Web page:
Wednesday, June 23, 2021

No competitive spirit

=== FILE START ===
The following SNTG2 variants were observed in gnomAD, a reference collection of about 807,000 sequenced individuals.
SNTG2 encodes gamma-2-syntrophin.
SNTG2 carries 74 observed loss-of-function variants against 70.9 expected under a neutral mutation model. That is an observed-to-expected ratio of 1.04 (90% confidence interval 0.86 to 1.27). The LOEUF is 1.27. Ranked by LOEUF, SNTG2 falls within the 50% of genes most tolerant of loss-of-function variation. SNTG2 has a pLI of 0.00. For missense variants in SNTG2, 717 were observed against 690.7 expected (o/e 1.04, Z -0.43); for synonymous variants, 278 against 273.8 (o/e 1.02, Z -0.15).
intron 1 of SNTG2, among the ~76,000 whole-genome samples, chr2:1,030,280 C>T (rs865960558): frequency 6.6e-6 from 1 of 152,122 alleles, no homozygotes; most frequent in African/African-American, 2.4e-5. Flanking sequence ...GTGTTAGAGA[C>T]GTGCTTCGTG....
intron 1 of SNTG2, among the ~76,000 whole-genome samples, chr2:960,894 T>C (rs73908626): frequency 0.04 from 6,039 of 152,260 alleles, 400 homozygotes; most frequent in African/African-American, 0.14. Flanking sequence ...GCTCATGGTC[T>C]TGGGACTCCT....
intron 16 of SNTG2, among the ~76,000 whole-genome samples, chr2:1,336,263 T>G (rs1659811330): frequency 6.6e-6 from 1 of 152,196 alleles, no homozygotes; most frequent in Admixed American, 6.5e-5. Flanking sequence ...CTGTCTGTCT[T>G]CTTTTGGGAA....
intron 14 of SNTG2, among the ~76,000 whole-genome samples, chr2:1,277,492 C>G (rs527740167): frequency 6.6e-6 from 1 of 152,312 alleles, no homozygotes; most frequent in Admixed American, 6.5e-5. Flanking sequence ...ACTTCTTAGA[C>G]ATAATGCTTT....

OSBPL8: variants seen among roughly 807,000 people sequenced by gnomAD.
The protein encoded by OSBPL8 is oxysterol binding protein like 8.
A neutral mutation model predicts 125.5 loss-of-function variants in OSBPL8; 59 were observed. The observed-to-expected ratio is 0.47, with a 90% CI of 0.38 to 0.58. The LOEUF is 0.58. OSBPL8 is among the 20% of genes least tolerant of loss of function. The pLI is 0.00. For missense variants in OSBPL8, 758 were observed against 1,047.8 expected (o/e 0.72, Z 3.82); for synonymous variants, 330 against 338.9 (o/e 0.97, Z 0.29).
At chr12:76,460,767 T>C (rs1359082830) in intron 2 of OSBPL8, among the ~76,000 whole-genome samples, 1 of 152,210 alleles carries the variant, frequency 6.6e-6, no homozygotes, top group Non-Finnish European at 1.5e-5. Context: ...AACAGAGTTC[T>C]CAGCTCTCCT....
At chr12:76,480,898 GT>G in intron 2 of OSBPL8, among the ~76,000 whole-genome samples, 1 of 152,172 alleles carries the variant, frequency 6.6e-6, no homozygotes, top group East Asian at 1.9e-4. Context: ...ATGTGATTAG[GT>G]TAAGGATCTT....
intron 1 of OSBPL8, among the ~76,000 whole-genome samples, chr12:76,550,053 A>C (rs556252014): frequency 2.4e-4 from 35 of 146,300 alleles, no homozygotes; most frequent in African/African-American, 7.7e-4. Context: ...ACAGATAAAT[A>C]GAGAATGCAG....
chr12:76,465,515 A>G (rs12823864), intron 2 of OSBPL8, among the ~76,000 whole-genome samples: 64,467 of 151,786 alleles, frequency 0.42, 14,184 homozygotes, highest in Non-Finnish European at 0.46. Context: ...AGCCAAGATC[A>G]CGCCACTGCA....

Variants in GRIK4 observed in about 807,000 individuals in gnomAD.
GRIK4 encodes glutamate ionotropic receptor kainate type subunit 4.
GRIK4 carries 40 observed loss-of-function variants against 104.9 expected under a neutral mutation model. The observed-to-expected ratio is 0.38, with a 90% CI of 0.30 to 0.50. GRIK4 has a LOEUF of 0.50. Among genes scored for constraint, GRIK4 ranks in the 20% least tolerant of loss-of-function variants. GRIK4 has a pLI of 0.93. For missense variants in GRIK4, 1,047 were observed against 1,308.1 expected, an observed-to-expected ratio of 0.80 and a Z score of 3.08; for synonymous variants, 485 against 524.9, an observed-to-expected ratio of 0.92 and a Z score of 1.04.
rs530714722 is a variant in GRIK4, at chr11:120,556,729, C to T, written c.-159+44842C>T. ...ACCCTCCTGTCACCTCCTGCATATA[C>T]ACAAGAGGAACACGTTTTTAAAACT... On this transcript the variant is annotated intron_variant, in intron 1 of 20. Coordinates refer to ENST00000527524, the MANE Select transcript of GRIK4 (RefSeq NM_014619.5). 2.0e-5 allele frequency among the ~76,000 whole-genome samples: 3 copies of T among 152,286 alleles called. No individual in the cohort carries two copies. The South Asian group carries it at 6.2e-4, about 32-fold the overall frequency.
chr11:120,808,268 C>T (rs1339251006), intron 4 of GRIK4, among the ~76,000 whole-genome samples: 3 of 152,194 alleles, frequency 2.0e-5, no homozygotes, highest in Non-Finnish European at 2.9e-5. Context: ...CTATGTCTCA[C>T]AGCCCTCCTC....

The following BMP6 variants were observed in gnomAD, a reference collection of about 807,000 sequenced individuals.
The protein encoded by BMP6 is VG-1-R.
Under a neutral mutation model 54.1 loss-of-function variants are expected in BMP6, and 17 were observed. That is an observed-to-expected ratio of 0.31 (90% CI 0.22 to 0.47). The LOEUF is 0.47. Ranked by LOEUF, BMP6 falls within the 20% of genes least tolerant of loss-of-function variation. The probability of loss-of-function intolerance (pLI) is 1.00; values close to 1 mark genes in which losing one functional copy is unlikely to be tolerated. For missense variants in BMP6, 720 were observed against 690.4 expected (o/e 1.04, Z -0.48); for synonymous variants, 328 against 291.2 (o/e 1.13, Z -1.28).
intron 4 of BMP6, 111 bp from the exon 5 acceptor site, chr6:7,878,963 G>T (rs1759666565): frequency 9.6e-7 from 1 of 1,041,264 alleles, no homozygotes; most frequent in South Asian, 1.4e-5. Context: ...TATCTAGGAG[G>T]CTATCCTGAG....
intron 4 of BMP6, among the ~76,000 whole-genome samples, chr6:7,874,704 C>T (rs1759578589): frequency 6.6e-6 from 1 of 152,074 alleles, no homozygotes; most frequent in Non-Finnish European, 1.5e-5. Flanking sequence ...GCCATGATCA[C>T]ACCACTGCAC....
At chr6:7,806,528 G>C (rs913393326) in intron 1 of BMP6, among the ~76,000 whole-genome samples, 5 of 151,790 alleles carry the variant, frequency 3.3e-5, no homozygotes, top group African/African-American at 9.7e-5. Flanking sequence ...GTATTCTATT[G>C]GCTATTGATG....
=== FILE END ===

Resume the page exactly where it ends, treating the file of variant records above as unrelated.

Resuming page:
It is a fact that all students’ harbour rich desires. Some wants to be doctors, some engineers, etc. The development of this mentality is due to the ambience around. But one fails to discern as to why this hasn’t been extended to civil services as well. A student in our society is fed with the importance of matriculation examination as he approaches the same. As he clears the first hurdle, people from all around start blowing the trumpet of medical examination and as such cajole and coerce (in a majority of cases) a student to take up medical subjects. He/she roams around tuition centres for more than two years and if he/she is among the lucky ones, he/she makes it to the medical colleges. If not then he/she ends up earning the wrath of relatives and parents who accuse him of continuous negligence and blame his/her careless attitude for his/her failure. It is a pertinent fact that medical and engineering degrees forms the crux of professional services and an entry into these colleges is a significant achievement. But what is more important than that is an entry into the prestigious Indian civil services. Over the years several generations have overlooked this prestigious field and thus it has lead to a serious deficiency of our people in the civil services. Why our people are giving less interest in this kind of competitive examination is anybody’s guess? For the IAS examination candidates from other states are taking participation more enthusiastically than Naga candidates. And during the last two years or more there has been very low to nil percentage of IAS qualifiers from the state. As a result of this, we are seeing less representation of Naga officers in the state administration today and even in future. Our writers, educationists, bureaucrats, doctors, and intellectuals have been invariably contributing on varying subjects to buff their creative prowess. Although all concerns are being touched by these elevated classes of the society, starting from routine and lacklustre politics, but an indispensable issue of declining representation of our youth in Indian Administrative Service (IAS) is being ignored. Don’t we have a duty here to infuse interest among our youths to compete for this service and thereby ensure their participation in the state administrative set up? Our youth have been witnessing and experiencing turbulent situation for decades now and they have not been able to prod themselves with the much needed information, source materials and exposure to such competitive examinations. Also we don’t inculcate in them the spirit of competitiveness and create awareness that there are chances for them to make entry into many superior professions, provided they strive hard and show interest like their counterparts in other parts of the country. It is also true that our colleges and universities have not been able to guide and help the aspirants and also have been providing traditional education continuously and this has made our youth apathetic to think about other things in life. Isn’t it time that we encourage them to excel and explore the possibilities of their entry in the passageways of authority which is very important for the survival of the state. A mere focus on politics alone won’t serve our society, but an entry into the civil services will boost the morale of the upcoming generation. We write about religion, personalities, drugs, politics, etc. but somehow shy away from our responsibility with respect to writing about the civil services. Yes, religion is important for those who believe in it, personalities are important as their inspiring lives encourage the youth, drug and HIV menace tells us about the hazards of drugs, politics gives an idea about the raging issues or disputes, but civil services and administration are unbelievably important and an immaculate part of our set up. We can proceed on by appreciating the ones who have qualified it. Focus on a few areas will not serve any purpose and this has to be expanded to a wider area.